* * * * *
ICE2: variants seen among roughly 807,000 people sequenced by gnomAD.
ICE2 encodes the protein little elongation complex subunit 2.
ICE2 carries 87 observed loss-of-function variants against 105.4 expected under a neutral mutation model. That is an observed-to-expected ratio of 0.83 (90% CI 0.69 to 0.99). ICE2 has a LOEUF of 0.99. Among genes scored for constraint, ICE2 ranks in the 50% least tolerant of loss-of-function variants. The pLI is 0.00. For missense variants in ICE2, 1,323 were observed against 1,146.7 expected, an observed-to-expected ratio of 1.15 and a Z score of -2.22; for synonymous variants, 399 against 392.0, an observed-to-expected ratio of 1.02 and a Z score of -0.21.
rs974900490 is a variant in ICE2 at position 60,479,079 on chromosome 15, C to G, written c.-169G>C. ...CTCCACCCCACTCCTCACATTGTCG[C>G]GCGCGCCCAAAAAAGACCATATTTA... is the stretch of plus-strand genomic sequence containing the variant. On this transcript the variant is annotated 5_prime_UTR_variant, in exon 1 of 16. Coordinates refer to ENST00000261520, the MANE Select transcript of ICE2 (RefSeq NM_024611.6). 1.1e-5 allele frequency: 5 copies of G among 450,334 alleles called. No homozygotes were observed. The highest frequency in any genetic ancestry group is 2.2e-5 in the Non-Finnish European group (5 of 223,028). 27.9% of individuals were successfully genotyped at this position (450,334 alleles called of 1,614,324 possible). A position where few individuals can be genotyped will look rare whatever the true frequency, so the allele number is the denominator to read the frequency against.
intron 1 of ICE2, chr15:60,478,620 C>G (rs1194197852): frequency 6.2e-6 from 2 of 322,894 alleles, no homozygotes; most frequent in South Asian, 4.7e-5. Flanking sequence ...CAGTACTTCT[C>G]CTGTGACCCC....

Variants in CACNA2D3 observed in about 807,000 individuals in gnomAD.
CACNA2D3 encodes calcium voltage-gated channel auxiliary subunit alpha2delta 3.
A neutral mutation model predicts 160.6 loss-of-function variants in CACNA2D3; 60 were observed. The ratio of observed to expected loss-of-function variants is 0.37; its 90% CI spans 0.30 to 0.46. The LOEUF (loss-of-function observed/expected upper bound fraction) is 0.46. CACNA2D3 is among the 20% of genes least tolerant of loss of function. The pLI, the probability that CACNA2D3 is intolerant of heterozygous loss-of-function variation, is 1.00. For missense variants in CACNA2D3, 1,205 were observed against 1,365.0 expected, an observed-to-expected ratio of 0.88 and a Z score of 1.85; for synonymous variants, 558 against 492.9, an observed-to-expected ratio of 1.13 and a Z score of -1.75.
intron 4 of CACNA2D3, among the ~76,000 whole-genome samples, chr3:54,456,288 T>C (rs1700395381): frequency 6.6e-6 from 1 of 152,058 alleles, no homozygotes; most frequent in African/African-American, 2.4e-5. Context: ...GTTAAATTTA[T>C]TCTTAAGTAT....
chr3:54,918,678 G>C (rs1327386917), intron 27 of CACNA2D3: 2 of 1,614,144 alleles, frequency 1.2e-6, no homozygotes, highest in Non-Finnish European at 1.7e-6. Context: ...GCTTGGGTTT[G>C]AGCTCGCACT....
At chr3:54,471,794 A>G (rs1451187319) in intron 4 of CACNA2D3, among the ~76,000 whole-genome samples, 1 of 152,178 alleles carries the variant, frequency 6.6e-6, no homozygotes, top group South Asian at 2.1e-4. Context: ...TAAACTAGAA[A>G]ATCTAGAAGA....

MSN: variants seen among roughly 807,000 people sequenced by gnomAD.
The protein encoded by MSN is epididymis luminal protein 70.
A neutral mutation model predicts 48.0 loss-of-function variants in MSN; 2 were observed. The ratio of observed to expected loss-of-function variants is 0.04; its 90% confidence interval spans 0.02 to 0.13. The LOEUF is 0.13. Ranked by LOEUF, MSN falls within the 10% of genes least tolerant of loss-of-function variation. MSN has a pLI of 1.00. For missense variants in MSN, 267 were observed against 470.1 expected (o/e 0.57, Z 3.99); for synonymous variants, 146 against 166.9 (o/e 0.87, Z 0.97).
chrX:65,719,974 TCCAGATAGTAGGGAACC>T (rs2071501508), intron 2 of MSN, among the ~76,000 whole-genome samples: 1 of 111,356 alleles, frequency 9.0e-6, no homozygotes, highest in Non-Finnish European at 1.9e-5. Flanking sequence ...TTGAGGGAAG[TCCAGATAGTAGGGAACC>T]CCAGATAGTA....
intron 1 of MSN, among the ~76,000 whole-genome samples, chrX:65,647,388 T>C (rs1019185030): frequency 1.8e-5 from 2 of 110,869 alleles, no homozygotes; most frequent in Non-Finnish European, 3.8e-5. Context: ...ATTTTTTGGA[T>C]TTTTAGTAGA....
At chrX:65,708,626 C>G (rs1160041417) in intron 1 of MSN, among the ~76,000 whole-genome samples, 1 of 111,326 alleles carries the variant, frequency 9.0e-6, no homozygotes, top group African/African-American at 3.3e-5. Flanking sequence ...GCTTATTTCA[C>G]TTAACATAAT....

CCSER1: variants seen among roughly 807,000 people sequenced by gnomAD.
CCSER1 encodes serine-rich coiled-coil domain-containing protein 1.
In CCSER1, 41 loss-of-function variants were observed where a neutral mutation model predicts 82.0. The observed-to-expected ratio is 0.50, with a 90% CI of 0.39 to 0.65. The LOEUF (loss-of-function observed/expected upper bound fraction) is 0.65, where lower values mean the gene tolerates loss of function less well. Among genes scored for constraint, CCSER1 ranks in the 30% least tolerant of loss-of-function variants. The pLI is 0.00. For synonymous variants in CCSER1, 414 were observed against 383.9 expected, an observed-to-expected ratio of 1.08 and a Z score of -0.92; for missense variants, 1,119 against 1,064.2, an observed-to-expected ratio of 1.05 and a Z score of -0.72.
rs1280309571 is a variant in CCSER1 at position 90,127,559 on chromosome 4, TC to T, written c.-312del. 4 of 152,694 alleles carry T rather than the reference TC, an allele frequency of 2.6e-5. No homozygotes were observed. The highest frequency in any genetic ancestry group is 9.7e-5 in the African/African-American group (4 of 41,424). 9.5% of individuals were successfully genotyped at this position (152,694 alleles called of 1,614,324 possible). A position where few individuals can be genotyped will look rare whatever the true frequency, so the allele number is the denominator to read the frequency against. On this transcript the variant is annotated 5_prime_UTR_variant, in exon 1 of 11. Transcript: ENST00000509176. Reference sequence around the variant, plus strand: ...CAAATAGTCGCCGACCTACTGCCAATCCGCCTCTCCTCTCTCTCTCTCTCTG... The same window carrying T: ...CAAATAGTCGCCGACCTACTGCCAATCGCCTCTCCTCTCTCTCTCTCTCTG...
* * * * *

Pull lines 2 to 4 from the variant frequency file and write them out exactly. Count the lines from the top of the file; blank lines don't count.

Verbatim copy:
ICE2 encodes the protein little elongation complex subunit 2.
ICE2 carries 87 observed loss-of-function variants against 105.4 expected under a neutral mutation model. That is an observed-to-expected ratio of 0.83 (90% CI 0.69 to 0.99). ICE2 has a LOEUF of 0.99. Among genes scored for constraint, ICE2 ranks in the 50% least tolerant of loss-of-function variants. The pLI is 0.00. For missense variants in ICE2, 1,323 were observed against 1,146.7 expected, an observed-to-expected ratio of 1.15 and a Z score of -2.22; for synonymous variants, 399 against 392.0, an observed-to-expected ratio of 1.02 and a Z score of -0.21.
rs974900490 is a variant in ICE2 at position 60,479,079 on chromosome 15, C to G, written c.-169G>C. ...CTCCACCCCACTCCTCACATTGTCG[C>G]GCGCGCCCAAAAAAGACCATATTTA... is the stretch of plus-strand genomic sequence containing the variant. On this transcript the variant is annotated 5_prime_UTR_variant, in exon 1 of 16. Coordinates refer to ENST00000261520, the MANE Select transcript of ICE2 (RefSeq NM_024611.6). 1.1e-5 allele frequency: 5 copies of G among 450,334 alleles called. No homozygotes were observed. The highest frequency in any genetic ancestry group is 2.2e-5 in the Non-Finnish European group (5 of 223,028). 27.9% of individuals were successfully genotyped at this position (450,334 alleles called of 1,614,324 possible). A position where few individuals can be genotyped will look rare whatever the true frequency, so the allele number is the denominator to read the frequency against.